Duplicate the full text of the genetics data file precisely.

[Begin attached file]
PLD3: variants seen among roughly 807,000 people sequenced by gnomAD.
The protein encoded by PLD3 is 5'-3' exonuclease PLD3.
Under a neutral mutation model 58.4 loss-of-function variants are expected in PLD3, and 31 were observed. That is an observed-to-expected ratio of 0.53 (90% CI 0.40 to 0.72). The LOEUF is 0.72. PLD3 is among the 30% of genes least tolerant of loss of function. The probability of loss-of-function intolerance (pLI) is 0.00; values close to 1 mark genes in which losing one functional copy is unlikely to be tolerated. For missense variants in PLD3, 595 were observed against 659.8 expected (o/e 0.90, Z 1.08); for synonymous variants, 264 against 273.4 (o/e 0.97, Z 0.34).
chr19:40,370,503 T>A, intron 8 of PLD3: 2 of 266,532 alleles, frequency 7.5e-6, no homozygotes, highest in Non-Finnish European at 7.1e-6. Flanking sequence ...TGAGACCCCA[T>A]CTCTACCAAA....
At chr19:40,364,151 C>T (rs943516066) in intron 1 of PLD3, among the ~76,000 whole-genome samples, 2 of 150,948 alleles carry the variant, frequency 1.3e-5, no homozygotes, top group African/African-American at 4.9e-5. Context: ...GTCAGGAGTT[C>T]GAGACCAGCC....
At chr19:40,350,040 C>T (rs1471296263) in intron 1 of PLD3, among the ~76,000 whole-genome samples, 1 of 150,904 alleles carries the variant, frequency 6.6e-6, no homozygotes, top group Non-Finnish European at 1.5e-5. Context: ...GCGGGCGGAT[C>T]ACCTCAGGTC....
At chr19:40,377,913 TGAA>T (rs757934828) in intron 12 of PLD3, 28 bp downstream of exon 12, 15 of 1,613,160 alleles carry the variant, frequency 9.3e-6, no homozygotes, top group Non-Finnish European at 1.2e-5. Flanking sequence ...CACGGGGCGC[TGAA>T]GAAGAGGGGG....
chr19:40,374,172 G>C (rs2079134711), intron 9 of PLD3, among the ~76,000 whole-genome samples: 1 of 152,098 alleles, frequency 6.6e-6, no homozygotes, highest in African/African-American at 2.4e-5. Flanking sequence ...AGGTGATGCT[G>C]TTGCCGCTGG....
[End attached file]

PLD3: variants seen among roughly 807,000 people sequenced by gnomAD.
The protein encoded by PLD3 is 5'-3' exonuclease PLD3.
Under a neutral mutation model 58.4 loss-of-function variants are expected in PLD3, and 31 were observed. That is an observed-to-expected ratio of 0.53 (90% CI 0.40 to 0.72). The LOEUF is 0.72. PLD3 is among the 30% of genes least tolerant of loss of function. The probability of loss-of-function intolerance (pLI) is 0.00; values close to 1 mark genes in which losing one functional copy is unlikely to be tolerated. For missense variants in PLD3, 595 were observed against 659.8 expected (o/e 0.90, Z 1.08); for synonymous variants, 264 against 273.4 (o/e 0.97, Z 0.34).
chr19:40,370,503 T>A, intron 8 of PLD3: 2 of 266,532 alleles, frequency 7.5e-6, no homozygotes, highest in Non-Finnish European at 7.1e-6. Flanking sequence ...TGAGACCCCA[T>A]CTCTACCAAA....
At chr19:40,364,151 C>T (rs943516066) in intron 1 of PLD3, among the ~76,000 whole-genome samples, 2 of 150,948 alleles carry the variant, frequency 1.3e-5, no homozygotes, top group African/African-American at 4.9e-5. Context: ...GTCAGGAGTT[C>T]GAGACCAGCC....
At chr19:40,350,040 C>T (rs1471296263) in intron 1 of PLD3, among the ~76,000 whole-genome samples, 1 of 150,904 alleles carries the variant, frequency 6.6e-6, no homozygotes, top group Non-Finnish European at 1.5e-5. Context: ...GCGGGCGGAT[C>T]ACCTCAGGTC....
At chr19:40,377,913 TGAA>T (rs757934828) in intron 12 of PLD3, 28 bp downstream of exon 12, 15 of 1,613,160 alleles carry the variant, frequency 9.3e-6, no homozygotes, top group Non-Finnish European at 1.2e-5. Flanking sequence ...CACGGGGCGC[TGAA>T]GAAGAGGGGG....
chr19:40,374,172 G>C (rs2079134711), intron 9 of PLD3, among the ~76,000 whole-genome samples: 1 of 152,098 alleles, frequency 6.6e-6, no homozygotes, highest in African/African-American at 2.4e-5. Flanking sequence ...AGGTGATGCT[G>C]TTGCCGCTGG....